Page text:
Friday, November 18, 2011

494. Deschutes Conflux No. 2 White IPA vs. Boulevard Collaboration No. 2 White IPA

This is what a drink-off should be like: two quality beers, both by quality brewers. Experiment and identify a recipe, then both make a version of the beer. It’s like the Rockit Cup, only at the professional level. And let’s be honest—the results are spectacular. Besides myself and Elli, Jeffrey joined in to enjoy the sweat and toil of this beery labor. This is our eighth beer from Deschutes, including The Abyss, Black Butte Porter XXI, Mirror Pond Pale Ale, Black Butte Porter, Hop Trip, Inversion, and Red Chair IPA, and our fourth from Boulevard: Saison, Saison-Brett and Two Jokers Double Wit. Oh, and here’s a little on the whole collaboration process for all of youse looking to read up and stuff.

The Deschutes version pours a slightly hazy straw with a thin white head; it is a lighter than the Boulevard version, which is closer to gold. The head presence is similar on both—a wafty white ethereal covering that drifts across the glass. The nose on both is similar; Deschutes has a delicate herbal spicy bitter aroma mixed with candy malt and a slight wheat gumminess, while Boulevard is more earthy and spicy. There is still the candy malt, but it borders on caramel. Flavors start with light candy malt and spicy hop bitterness; Boulevard has more mineral bitterness and bready malt caramel, while Deschutes has a herbal bitter character with candy malt. Both beers have a light body that drinks more like a spicy, hoppy saison than an IPA; Deschutes is more floral and delicate, with the sage providing a nice herbal emphasis, and Boulevard features a lingering bitterness that strikes us as more bitter orange than hop derived. However, both are fantastic—the subtlety and nuance in both are very close, but distinctly different. Elli and I both lean towards the Deschutes version, while Jeffrey likes the Boulevard best. Both had critical remarks, however; Elli said she would rather appreciate both beers than have to drink them on a regular basis, while Jeffrey thought that the Deschutes version was based more on the idea of an IPA than actually being an IPA. I can see where they are coming from; both beers strike me as more saison-like than anything else—I would drink them both all day every day for precisely the factors Elli and Jeffrey critique. The delicate flavors and nuance present in each beer are both like and unlike traditional IPAs, yet the subtlety of each is well worth examining on its own merits—the discussions we had while drinking these two beers strike me as the very type of discussion that keeps American beer production interesting and innovative. So keep up the innovation. And the Belgian character. Because in many ways, this is just a new varietal on the Belgian IPA format. While it foregrounds a light wheat malt character in conjunction with the hop flavor as opposed to the yeast and malt character of most Belgian IPAs, the overall effect is not that much different. While I would celebrate both trends, the delicate and subtle nature of these two beers does something more for me than other more aggressive Belgian IPAs—this is the version I would laud and endorse. After all, it bespeaks a certain level or nuance and complexity that a lot of American breweries miss. And for that, I am thankful.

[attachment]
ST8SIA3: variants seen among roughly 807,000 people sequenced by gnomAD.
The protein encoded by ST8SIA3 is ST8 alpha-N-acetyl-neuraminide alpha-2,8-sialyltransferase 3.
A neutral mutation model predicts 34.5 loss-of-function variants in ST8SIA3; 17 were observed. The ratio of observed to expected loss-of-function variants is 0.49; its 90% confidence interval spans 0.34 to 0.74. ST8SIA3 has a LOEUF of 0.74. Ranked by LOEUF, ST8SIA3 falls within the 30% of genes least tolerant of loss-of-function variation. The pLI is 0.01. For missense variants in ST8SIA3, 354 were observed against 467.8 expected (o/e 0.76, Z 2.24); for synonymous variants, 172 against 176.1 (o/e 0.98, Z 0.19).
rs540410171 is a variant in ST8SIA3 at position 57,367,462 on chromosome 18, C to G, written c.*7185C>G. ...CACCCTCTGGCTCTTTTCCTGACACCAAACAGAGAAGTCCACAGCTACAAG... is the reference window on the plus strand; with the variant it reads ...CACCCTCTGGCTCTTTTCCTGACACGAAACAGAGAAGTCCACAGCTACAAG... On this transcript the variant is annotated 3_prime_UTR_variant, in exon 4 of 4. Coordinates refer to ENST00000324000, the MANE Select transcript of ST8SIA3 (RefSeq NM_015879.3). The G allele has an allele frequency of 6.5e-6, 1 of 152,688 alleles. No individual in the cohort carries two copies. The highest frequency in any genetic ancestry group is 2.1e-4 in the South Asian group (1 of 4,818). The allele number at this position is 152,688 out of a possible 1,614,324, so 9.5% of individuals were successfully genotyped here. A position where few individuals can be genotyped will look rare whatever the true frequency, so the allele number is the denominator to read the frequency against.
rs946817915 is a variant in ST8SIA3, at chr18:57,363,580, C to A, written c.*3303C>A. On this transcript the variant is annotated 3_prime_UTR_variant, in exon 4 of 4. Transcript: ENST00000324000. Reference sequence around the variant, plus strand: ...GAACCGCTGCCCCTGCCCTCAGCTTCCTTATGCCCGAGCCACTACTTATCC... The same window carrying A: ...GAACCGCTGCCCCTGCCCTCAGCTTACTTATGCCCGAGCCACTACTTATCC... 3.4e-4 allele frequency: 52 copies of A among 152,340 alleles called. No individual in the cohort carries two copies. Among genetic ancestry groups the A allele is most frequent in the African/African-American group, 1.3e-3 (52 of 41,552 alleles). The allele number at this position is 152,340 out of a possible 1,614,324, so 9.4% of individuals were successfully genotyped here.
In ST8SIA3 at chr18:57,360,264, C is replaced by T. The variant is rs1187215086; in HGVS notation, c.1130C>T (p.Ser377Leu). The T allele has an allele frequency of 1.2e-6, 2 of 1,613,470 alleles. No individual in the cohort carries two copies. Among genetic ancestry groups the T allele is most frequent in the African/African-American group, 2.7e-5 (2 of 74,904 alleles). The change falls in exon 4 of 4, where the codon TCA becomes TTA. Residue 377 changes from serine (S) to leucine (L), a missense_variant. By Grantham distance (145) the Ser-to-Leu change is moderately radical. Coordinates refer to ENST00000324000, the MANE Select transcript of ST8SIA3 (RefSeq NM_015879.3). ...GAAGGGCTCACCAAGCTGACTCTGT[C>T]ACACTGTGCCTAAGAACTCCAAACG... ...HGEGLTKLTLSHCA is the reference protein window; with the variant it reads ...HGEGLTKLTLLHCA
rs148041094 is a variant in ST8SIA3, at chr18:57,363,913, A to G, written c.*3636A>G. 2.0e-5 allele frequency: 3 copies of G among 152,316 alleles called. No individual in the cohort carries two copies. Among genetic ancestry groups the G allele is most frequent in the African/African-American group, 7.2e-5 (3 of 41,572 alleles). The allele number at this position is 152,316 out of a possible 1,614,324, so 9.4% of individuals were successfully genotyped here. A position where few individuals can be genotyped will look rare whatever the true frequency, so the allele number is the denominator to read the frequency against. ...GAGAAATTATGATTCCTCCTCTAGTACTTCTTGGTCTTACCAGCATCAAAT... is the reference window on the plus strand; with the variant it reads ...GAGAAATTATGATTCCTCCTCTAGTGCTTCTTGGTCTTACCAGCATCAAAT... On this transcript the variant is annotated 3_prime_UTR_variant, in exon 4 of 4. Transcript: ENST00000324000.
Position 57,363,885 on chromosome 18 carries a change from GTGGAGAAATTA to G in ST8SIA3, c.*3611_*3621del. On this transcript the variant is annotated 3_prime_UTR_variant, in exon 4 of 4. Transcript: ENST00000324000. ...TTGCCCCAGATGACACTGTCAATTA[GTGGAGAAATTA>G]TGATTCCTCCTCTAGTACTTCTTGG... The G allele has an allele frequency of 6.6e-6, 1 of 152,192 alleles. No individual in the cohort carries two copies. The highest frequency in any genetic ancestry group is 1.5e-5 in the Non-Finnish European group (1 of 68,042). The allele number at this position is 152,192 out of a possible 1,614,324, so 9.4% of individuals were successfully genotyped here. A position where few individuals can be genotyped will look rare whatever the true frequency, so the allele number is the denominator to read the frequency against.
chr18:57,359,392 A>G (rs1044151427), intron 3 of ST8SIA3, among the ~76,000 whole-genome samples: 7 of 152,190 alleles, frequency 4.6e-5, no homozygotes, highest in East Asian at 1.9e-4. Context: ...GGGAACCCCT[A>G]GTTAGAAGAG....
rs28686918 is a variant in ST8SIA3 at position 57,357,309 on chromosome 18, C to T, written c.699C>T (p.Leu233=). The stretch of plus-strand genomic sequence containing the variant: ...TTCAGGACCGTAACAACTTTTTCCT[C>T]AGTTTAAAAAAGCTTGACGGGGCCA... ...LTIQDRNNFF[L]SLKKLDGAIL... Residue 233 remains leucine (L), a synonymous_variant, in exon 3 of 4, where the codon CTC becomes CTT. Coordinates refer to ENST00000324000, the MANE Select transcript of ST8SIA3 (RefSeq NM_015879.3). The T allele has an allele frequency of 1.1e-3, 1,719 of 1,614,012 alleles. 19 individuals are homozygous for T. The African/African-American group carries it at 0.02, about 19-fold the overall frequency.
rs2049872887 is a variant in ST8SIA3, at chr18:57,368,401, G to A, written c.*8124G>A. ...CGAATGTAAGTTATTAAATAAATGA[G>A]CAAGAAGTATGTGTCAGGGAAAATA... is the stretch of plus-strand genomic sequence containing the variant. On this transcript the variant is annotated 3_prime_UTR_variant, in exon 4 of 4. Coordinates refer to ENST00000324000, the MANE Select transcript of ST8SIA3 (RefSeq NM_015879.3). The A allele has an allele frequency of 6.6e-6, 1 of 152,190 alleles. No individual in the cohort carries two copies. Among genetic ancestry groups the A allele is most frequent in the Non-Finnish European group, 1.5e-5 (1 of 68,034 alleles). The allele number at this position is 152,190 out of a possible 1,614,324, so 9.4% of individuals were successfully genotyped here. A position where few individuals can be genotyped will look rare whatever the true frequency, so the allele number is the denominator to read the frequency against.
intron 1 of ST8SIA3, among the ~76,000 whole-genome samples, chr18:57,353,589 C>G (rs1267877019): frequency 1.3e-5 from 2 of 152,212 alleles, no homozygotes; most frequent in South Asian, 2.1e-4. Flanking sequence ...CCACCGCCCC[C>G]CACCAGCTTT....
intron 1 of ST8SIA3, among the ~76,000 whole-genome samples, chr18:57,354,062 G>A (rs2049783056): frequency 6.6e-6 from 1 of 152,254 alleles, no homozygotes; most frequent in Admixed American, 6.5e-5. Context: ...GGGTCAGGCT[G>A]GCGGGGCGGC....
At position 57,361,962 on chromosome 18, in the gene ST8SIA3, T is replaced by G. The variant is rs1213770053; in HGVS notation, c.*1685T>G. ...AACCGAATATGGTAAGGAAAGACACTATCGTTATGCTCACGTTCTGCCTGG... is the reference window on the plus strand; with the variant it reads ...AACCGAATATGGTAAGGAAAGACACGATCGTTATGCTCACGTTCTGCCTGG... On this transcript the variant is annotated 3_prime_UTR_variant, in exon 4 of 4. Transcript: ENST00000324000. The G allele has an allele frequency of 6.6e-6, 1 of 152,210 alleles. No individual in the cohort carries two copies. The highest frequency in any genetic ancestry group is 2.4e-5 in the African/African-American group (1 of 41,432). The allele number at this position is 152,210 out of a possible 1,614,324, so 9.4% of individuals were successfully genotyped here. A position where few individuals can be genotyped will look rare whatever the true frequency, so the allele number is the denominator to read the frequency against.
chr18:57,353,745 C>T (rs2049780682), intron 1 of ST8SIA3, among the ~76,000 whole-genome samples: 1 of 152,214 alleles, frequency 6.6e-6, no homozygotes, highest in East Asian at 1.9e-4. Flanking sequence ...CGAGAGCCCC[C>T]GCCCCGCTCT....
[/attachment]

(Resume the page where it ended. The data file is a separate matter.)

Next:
From the Deschutes bottle: “Second in a series, this citrusy, smooth white India pale ale is fortuitous meeting of Deschutes’ hop skills and Boulevard’s deft wheat touch. What’s 1800 miles when a great beer is at stake?”

ABV: 7.3%

From the Boulevard bottle: “Combining the refined body of a Belgian-style witbier with the refreshing bite of a hop-forward IPA, this ale puts a new spin on the idea of collaborative brewing. Working from a single shared recipe, Boulevard and Deschutes have created two separate brews, more than 1600 miles apart. To the traditional witbier spices of coriander seed and orange peel they’ve added sage and lemongrass, giving the ale subtle herbal notes which perfectly complement the pungent hop aroma and full, fruity mouthfeel. Hints of pepper linger in the dry, clean finish.”

ABV: 7.4%


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